Data Stories: Sherry Emery on Social Data and Smoking Cessation

Sherry Emery is a Senior Research Scientist at the UIC Institute for Health Research and Policy focusing on understanding how both traditional and new media influence health behavior. Sherry’s research has been focusing on social data and smoking cessation, looking at how people talk about smoking, their behaviors and their reactions to smoking cessations campaigns on social media. Sherry works with Gnip’s client DiscoverText to access the Twitter firehose.  

Sherry Emery of UIC

1. You’ve been studying the media and smoking for the past 15 years, what caused you to be interested in social data?


For a long time my research focused on TV advertising, but a few years ago I began to worry that our work was going to be less and less relevant unless we started to understand new media, including social.

2.    How has your research with social data compared to previous research among other mediums, especially TV?
Researching social media and using social data is much harder — there’s more of it, and it’s way more complex. In the past, we were just worried about exposure to ads — and the measures were developed and widely accepted decades ago; now we’re still worried about exposure, but also searching for information, and sharing information on social media; and with social data, it’s still the wild west for measurements. How do you measure exposure, search and exchange across social platforms, and how are these behaviors related to health behavior. In addition, with TV advertising, there was only an anti-tobacco message to measure. With social media, we need to figure out who’s talking about smoking cigarettes, and how to distinguish them from people talking about smoking ribs or smoking hot girls. And then we need to figure out if the information they are promoting/sharing is pro- or anti-smoking.

3. What are insights from your research on smoking cessation and social data?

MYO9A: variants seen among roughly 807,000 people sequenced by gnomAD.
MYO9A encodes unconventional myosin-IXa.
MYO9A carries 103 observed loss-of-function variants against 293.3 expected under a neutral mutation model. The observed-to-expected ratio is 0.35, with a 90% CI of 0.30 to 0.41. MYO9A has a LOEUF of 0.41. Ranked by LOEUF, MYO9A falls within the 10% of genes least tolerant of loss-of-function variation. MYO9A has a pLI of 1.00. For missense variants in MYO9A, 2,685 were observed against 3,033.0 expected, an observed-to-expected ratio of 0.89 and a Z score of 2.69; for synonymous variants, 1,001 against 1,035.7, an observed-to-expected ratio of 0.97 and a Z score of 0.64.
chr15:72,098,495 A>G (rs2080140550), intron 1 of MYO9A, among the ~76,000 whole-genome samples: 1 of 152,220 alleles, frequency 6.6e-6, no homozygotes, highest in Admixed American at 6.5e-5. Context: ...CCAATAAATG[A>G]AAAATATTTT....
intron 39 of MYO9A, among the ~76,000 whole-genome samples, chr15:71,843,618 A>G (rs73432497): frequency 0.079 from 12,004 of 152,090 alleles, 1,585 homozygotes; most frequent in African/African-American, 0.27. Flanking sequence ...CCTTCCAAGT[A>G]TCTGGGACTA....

We’ve learned so much! First, lots of people who are talking about smoking are not talking about cigarettes! One of our biggest challenges has been to refine our key words and develop techniques to code Tweets and other content as tobacco-relevant. Early on in our process, Gnip’s own Charles Ince had the brilliant insight to introduce us to Stu Shulman, who developed DiscoverText, which is an invaluable tool tthat we rely upon for our data cleaning and analysis process.  DiscoverText allows us to sort through and code the millions of tweets that contain some reference to ‘smoking’.  Using DiscoverText gives us both the transparency and control that we need to make sure that the tweets we analyze are the tweets that are relevant to our research questions.  We can use humans to code for tobacco relevance, and then a boolian language recognition algorithm in DiscoverText can learnfrom the human coders, and code literally tens of thousands of tweets—actually more accurately than humans could at that scale!  As part of this process, we’ve also learned that there are lots and lots of words people use to talk about cigarettes and smoking tobacco — an obvious statement, but one that has really important implications for searching for/measuring the content we’re interested in. No matter how thorough, broad and prospective we try to be, we cannot anticipate all the the terms and keywords that turn out to be relevant. The ability to go back and look for content once we’ve identified key ideas will be critically important to our work. Now that we’re getting a handle on how to deal with this massive and very complex data, we’re also learning a ton about people are talking and thinking about smoking. In simplest terms, smoking weed is discussed much more favorably than smoking cigarettes. In the world of media campaignevaluation, we learned that the recent CDC anti-smoking media campaign really struck a chord with people — the effect of the graphic images were broad and deep. This was an important observation because the graphic approach of these ads were very controversial. By looking at the social media reaction, we could see that they achieve substantial engagement, rather than rejection of their message, which was a concern.